By diverting social capital from productive to destructive purposes, war and the preparation for war deplete, rather than enhance, a nation’s strength. –Andrew J. Bacevich
By Paul Balles
Many industries that started in America have moved abroad under free trade (FTA) agreements to take advantage of cheap labour. Thus, Americans lose jobs at home to countries where labour costs less.
According to an analysis by the Economic Policy Institute (EPI), the number of US jobs created by export expansion in relation to the number lost to the growth of foreign imports, because of NAFTA in its first ten years, resulted in a net loss of 879,280 jobs.
Other free trade agreements have had similarly disastrous results for employment in America. President Obama, while expressing concern and hopes for job creation, has been simultaneously pushing for additional FTAs.
The problem: high unemployment for Americans. The solution has been to develop industries in America that cannot be moved abroad. One in particular, the defence industry, keeps its secrets and employees at home.
Warning America at the end of his presidency, Dwight Eisenhower, US general and commander of forces in WWII said, “We must guard against the acquisition of unwarranted influence, whether sought or unsought, by the military-industrial complex.”
According to the 2010 Department of Defence (DoD) Financial Report, DoD total budgetary resources for fiscal year 2010 were $1.2 trillion. Budgeted DoD expenditure for 2009 represented approximately 43% of all global military spending.
The US military budget doubled from 1998 to 2008 in the biggest explosion of military spending since the early 1950s – and now accounts for 56 percent of discretionary federal spending. Eisenhower’s warning has been ignored.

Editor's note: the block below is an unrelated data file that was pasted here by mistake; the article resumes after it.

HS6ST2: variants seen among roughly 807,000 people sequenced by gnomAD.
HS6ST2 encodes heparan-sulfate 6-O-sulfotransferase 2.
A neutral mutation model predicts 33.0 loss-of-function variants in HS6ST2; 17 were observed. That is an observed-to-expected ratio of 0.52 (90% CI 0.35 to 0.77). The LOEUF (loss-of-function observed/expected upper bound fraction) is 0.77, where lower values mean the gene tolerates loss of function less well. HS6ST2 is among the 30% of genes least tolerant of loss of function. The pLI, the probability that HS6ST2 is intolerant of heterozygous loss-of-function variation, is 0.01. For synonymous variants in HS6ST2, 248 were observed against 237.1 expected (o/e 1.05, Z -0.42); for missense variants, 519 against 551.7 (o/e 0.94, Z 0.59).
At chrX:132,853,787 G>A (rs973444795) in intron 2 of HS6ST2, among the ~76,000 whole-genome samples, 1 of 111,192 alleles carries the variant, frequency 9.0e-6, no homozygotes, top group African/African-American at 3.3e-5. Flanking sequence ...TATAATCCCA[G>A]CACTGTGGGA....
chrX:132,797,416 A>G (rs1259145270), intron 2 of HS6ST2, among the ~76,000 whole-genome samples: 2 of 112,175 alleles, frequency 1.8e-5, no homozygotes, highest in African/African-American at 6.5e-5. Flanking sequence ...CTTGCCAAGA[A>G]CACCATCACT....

Anyone following the news recently would know that many states and local communities in America have been laying off police, firemen and other community services.
Meanwhile the federal government splurges on military spending. This reflects a terrible distortion of security needs. Local security has been sacrificed to the military industrial complex.
Investigative historian and journalist Gareth Porter says that we have completed “the process of creating a ‘Permanent War State’ — a set of institutions with the authority to wage largely secret wars across a vast expanse of the globe for the indefinite future.”
The defence industry also recruits foreign customers for military hardware. The DoD generates those by indulging in wars, occupations and building vast military industrial sales.
How many military installations does the US have around the world? 1000 as Hugh Gusterson said in “Empire of Bases”. MSNBC reported that America has military in 137 countries.
The US also benefits from sales of military hardware–often outmoded—around the world. Therefore America must also keep these other countries at war or under threats of war.
World military spending has now reached one trillion dollars, close to Cold War levels. Forty percent of arms sales are by America according to the Grimmett CRS Report for Congress.